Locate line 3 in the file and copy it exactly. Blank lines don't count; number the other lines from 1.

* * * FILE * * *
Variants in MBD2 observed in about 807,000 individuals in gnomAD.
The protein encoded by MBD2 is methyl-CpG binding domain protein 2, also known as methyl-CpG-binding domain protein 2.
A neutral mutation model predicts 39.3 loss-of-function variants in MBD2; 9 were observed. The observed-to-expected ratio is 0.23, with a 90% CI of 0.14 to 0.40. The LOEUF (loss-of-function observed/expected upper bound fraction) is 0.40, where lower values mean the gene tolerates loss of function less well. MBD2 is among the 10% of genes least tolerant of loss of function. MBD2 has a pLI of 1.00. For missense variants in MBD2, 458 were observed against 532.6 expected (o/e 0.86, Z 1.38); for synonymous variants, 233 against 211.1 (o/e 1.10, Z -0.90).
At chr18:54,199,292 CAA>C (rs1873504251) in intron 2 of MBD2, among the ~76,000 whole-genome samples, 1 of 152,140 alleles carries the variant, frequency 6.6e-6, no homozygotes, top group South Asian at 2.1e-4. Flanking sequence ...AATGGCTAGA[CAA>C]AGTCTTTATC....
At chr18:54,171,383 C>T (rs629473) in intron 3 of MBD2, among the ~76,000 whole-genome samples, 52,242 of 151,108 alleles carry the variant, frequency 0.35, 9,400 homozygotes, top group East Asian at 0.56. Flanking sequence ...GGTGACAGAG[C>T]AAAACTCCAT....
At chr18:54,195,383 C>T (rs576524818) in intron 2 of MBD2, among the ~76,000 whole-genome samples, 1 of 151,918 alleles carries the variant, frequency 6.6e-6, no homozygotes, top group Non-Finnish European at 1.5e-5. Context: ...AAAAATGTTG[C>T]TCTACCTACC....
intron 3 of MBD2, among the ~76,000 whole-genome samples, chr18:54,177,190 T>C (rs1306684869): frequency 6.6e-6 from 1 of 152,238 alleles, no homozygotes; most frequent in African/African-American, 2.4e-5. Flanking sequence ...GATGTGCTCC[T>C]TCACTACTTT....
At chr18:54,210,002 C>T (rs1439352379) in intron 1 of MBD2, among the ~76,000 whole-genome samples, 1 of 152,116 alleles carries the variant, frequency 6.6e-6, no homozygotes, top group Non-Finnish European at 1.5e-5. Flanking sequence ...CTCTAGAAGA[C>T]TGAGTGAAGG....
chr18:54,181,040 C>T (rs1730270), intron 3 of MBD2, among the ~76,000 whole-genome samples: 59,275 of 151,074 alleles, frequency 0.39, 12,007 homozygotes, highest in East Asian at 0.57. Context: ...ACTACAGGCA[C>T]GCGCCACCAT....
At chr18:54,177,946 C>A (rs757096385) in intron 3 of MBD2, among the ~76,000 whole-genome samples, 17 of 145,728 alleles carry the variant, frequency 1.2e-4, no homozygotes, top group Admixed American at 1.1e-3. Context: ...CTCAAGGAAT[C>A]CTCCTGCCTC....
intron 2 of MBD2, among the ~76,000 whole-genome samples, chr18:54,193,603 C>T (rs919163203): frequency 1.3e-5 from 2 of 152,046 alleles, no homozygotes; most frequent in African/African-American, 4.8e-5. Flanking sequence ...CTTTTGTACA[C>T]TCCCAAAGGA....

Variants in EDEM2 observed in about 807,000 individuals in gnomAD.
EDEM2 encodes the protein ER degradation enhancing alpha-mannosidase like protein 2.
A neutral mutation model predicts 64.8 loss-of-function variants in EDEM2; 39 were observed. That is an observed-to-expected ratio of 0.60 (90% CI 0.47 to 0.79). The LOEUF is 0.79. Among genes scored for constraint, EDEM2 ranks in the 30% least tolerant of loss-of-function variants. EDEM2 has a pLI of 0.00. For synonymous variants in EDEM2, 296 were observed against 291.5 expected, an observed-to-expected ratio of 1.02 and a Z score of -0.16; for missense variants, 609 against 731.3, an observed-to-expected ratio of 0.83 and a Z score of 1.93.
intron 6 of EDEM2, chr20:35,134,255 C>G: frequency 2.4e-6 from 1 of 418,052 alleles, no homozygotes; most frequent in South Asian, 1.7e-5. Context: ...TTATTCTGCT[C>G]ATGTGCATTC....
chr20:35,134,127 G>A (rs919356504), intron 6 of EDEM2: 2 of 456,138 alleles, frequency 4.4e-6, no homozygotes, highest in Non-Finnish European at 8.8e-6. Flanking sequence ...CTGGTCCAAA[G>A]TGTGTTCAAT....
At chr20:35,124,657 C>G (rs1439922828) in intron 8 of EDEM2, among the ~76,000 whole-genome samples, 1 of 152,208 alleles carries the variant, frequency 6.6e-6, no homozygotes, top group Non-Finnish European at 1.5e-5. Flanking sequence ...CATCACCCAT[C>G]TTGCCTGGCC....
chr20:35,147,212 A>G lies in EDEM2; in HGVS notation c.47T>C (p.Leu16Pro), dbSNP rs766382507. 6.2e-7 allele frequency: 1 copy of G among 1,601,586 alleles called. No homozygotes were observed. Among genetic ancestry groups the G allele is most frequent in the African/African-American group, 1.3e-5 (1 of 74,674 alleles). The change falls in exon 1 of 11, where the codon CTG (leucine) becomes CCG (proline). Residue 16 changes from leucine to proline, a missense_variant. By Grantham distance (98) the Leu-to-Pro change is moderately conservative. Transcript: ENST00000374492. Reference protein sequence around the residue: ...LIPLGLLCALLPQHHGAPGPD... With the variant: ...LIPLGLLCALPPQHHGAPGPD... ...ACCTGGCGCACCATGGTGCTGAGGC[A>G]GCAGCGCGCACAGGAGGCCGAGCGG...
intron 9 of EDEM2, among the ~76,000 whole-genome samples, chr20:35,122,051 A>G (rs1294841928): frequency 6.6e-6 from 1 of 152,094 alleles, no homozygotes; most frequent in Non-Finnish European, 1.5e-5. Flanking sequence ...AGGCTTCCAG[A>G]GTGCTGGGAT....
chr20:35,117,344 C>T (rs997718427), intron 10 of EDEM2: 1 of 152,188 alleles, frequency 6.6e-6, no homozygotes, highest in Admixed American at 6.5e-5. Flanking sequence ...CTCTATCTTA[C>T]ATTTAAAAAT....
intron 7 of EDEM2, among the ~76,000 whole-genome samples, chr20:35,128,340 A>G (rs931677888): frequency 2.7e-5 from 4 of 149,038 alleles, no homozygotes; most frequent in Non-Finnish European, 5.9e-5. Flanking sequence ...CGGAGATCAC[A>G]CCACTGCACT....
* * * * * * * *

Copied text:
A neutral mutation model predicts 39.3 loss-of-function variants in MBD2; 9 were observed. The observed-to-expected ratio is 0.23, with a 90% CI of 0.14 to 0.40. The LOEUF (loss-of-function observed/expected upper bound fraction) is 0.40, where lower values mean the gene tolerates loss of function less well. MBD2 is among the 10% of genes least tolerant of loss of function. MBD2 has a pLI of 1.00. For missense variants in MBD2, 458 were observed against 532.6 expected (o/e 0.86, Z 1.38); for synonymous variants, 233 against 211.1 (o/e 1.10, Z -0.90).